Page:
Growing up as triplets, sophomores Anthony, Ben and Mike Scarpa always had a best friend and someone to stick up for them. Once they started playing football, this translated onto the field.
On the 27 varsity teams offered by the Office of Intercollegiate Athletics, there are two sets of siblings, one set of twins and one set of triplets. The football team has the two sets of siblings and the triplets.
Football head coach Dan Swanstrom said he likes having siblings on the team because it helps with the team culture and chemistry.
“It’s a good thing,” Swanstrom said. “It means we have a good culture and when an older sibling comes, the younger one wants to be a part of it.”
The triplets starting playing football on a Pop Warner-Youth League Team that their father, Michael Scarpa, was the head coach of. As the brothers got older, he moved into an assistant coaching role, and he stopped coaching once the brothers reached high school
“I would always make sure I wasn’t showing favoritism towards them, so I probably worked them a bit harder than all the other kids,” Michael said. “It was fun. It was exciting to be on the same field as them — good to be out there for the victories. It was definitely a bonding experience.”
Ben started playing at the age of 7, with Anthony and Mike joining him two years later. They had to wait two more years to play due to weight restrictions.
The triplets also chose to play at the same college to make it easier for their family to travel to games. By going to the same school, their parents wouldn’t have to choose whose game to go to.
“Playing together is also something that we’ve always enjoyed,” Mike said. “It’s nice all being on the same side of the ball at all times, so we can keep that going.”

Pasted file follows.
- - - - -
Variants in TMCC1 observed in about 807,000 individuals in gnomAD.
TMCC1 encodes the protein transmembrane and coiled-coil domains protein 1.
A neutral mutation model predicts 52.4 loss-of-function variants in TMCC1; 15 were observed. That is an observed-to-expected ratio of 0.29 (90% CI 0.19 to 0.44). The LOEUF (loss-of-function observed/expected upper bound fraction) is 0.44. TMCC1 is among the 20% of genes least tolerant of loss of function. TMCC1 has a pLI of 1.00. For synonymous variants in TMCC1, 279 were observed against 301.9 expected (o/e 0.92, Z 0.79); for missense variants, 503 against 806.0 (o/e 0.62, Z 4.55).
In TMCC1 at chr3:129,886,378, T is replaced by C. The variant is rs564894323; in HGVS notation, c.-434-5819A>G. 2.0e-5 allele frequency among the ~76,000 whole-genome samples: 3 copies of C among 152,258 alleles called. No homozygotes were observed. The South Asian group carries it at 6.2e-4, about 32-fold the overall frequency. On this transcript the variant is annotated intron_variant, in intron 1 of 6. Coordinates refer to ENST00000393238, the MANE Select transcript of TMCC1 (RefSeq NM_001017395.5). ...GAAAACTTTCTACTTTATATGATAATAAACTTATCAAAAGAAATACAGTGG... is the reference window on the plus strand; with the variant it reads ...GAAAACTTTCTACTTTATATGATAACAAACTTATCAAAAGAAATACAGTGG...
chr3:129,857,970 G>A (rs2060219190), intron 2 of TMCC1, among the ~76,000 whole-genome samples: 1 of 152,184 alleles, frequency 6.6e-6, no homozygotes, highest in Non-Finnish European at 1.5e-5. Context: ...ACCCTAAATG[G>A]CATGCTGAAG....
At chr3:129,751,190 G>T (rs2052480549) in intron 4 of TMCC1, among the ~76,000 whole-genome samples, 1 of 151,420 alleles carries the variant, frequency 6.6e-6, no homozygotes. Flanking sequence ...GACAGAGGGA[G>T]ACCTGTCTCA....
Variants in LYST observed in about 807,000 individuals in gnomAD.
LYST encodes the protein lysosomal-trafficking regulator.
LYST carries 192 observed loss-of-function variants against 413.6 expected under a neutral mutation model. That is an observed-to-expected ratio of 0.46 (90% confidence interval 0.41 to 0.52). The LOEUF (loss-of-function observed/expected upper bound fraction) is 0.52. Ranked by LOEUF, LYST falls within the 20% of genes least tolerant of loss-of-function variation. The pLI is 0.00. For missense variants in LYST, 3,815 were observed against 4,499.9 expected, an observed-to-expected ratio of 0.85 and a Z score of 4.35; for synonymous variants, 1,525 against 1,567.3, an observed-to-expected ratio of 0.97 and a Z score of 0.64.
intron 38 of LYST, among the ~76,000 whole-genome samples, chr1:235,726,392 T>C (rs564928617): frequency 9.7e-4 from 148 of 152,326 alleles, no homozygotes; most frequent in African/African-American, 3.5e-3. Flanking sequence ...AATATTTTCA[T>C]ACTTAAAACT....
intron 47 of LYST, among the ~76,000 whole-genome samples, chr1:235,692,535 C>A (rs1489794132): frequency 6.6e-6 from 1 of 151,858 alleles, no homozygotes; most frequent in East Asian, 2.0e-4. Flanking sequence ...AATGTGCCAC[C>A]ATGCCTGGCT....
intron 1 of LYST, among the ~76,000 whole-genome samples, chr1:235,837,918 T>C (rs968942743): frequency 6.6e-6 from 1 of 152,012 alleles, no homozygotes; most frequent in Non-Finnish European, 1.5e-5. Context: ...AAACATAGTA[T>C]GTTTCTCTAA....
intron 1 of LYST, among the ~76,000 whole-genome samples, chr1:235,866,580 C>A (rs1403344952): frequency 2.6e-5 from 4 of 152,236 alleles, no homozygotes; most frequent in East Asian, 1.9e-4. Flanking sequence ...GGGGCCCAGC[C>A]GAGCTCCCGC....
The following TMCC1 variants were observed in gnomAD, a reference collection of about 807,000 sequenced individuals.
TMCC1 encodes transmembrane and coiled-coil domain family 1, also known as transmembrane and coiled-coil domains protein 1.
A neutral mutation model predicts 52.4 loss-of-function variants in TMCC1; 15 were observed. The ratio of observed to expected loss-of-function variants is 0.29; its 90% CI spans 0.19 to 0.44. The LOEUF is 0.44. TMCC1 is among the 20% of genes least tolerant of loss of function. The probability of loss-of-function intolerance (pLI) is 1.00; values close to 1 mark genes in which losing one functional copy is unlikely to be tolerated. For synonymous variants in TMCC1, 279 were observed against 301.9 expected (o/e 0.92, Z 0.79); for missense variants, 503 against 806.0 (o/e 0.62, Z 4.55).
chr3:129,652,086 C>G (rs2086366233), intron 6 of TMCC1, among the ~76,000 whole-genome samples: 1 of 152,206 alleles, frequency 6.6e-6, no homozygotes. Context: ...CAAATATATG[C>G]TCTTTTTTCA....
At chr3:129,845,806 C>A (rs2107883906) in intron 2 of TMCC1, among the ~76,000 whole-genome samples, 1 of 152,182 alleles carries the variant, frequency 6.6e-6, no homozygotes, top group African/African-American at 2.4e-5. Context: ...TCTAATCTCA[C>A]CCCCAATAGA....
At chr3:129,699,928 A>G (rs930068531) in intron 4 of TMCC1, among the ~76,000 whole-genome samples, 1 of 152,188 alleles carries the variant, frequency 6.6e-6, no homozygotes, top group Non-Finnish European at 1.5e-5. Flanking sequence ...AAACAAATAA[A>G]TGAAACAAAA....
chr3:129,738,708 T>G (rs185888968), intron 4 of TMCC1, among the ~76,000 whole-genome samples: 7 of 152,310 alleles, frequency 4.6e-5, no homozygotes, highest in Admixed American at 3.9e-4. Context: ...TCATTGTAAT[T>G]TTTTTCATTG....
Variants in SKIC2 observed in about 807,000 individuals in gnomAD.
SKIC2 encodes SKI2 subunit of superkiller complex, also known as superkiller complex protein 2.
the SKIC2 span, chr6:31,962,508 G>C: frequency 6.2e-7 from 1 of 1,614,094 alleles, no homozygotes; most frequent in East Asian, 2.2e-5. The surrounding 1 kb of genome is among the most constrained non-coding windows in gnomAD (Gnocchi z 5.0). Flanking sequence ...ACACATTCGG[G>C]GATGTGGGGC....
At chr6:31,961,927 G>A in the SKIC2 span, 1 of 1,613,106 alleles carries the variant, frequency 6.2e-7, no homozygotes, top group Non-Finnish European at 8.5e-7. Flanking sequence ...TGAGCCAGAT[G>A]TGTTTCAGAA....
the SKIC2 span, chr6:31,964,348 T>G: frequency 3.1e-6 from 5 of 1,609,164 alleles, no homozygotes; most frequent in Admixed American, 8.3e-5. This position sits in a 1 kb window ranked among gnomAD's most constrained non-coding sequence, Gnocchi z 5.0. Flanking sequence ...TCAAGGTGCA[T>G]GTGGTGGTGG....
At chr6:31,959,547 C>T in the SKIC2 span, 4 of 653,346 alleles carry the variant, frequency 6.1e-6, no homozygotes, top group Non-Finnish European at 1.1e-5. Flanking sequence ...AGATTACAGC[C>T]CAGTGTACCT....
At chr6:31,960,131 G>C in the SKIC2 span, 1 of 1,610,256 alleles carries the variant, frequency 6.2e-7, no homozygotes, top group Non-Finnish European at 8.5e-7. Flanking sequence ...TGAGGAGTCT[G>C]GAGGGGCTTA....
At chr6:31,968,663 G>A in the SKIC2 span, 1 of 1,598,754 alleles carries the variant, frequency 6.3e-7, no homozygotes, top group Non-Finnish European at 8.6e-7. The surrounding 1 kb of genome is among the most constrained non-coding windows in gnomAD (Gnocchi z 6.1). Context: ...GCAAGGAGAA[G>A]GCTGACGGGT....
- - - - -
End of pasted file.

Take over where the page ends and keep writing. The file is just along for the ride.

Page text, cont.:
By playing in college, the triplets are carrying with them a family tradition of football that has been in place since their grandfather played football during his high school years. Michael and his two brothers grew up playing the sport, and the triplets’ mother, Linda, had four brothers who played.
Playing football helped them develop a sense of teamwork both on and off the field, Anthony said.
“On the football field, you can’t do it by yourself,” he said. “You have to have people you can trust to help you succeed. If you need help, it’s there, but you have to trust everyone on the field.”
Linda said that although her sons lived in the same house and were brought up the exact same way, they each have their own strong personalities. She said each brother is able to excel individually and work together.
On the team, the triplets blend in with the rest of the players as three different individuals, Swanstrom said. They also have their own social groups and personalities within the team.
Ben plays wide receiver for the Bombers, and Mike and Anthony are offensive linemen, with Anthony making the switch from tight end to offensive tackle for college.
For their freshmen season, the triplets were on the JV team and are now on the varsity team. The only triplet who has played in a game so far is Anthony, who had one tackle against St. Lawrence on Sept. 16.
“Anthony’s in a unique situation moving from tight end to offensive tackle with the change, and he’s embraced it and put on weight,” Swanstrom said. “Mike’s just looking to get healed from his shoulder surgery, and Ben just had a tremendous game at Cornell when we scrimmaged them.”
During high school, Ben was utilized at six different positions and chose to focus on the wide receiver position for college because he said he enjoys running with the ball and the freedom the position would give him.
Anthony had a different route when learning a new position. As tight end, he had to learn the playbook, whereas for offensive tackle, he had to learn to focus his entire game plan on protecting the quarterback and running back.
Anthony and Ben were Catholic Conference All-Stars for Malden Catholic High School in Malden, Massachusetts, and Mike was awarded the team leadership award senior year. All three are majoring in business administration at the college.
The brothers began the recruitment process after former head coach Mike Welch approached their high school coach about Anthony. Upon realizing he was one of triplets, he began recruiting all three of them.
“That was one of the big things for why we chose here — because they wanted all three of us,” Ben said.
Playing on the same team, Ben said, has allowed them to develop more of a friendship rather than just being siblings.
“We don’t really see it as brothers unless it’s a family function,” he said. “I just see them as my friends.”